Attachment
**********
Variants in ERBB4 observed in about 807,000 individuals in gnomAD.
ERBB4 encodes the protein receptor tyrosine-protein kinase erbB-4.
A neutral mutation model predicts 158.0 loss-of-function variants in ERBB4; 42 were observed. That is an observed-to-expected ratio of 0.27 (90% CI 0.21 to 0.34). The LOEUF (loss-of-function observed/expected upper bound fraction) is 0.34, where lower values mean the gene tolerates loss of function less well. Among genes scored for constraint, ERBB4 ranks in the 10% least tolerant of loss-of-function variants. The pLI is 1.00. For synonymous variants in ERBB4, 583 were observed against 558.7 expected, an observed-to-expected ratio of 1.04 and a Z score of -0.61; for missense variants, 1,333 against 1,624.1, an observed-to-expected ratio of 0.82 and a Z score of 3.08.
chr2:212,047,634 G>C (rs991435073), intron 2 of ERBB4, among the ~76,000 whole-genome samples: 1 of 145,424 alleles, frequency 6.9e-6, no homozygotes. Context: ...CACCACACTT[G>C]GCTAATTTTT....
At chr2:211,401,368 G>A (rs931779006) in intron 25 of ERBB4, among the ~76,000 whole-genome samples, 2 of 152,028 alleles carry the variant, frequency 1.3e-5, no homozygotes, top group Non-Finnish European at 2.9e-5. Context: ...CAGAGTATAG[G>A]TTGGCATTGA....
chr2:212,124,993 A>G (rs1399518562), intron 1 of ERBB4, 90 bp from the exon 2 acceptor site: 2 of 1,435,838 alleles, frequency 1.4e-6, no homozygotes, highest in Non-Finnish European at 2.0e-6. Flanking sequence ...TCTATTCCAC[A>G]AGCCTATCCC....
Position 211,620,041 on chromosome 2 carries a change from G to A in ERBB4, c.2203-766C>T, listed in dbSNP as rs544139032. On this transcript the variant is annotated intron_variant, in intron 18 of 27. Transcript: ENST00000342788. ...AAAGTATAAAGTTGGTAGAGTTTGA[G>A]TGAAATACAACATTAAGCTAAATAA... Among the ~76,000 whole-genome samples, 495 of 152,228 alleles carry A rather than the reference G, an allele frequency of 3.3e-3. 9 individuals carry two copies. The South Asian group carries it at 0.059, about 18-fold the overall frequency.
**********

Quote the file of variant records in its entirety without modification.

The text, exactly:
Variants in ERBB4 observed in about 807,000 individuals in gnomAD.
ERBB4 encodes the protein receptor tyrosine-protein kinase erbB-4.
A neutral mutation model predicts 158.0 loss-of-function variants in ERBB4; 42 were observed. That is an observed-to-expected ratio of 0.27 (90% CI 0.21 to 0.34). The LOEUF (loss-of-function observed/expected upper bound fraction) is 0.34, where lower values mean the gene tolerates loss of function less well. Among genes scored for constraint, ERBB4 ranks in the 10% least tolerant of loss-of-function variants. The pLI is 1.00. For synonymous variants in ERBB4, 583 were observed against 558.7 expected, an observed-to-expected ratio of 1.04 and a Z score of -0.61; for missense variants, 1,333 against 1,624.1, an observed-to-expected ratio of 0.82 and a Z score of 3.08.
chr2:212,047,634 G>C (rs991435073), intron 2 of ERBB4, among the ~76,000 whole-genome samples: 1 of 145,424 alleles, frequency 6.9e-6, no homozygotes. Context: ...CACCACACTT[G>C]GCTAATTTTT....
At chr2:211,401,368 G>A (rs931779006) in intron 25 of ERBB4, among the ~76,000 whole-genome samples, 2 of 152,028 alleles carry the variant, frequency 1.3e-5, no homozygotes, top group Non-Finnish European at 2.9e-5. Context: ...CAGAGTATAG[G>A]TTGGCATTGA....
chr2:212,124,993 A>G (rs1399518562), intron 1 of ERBB4, 90 bp from the exon 2 acceptor site: 2 of 1,435,838 alleles, frequency 1.4e-6, no homozygotes, highest in Non-Finnish European at 2.0e-6. Flanking sequence ...TCTATTCCAC[A>G]AGCCTATCCC....
Position 211,620,041 on chromosome 2 carries a change from G to A in ERBB4, c.2203-766C>T, listed in dbSNP as rs544139032. On this transcript the variant is annotated intron_variant, in intron 18 of 27. Transcript: ENST00000342788. ...AAAGTATAAAGTTGGTAGAGTTTGA[G>A]TGAAATACAACATTAAGCTAAATAA... Among the ~76,000 whole-genome samples, 495 of 152,228 alleles carry A rather than the reference G, an allele frequency of 3.3e-3. 9 individuals carry two copies. The South Asian group carries it at 0.059, about 18-fold the overall frequency.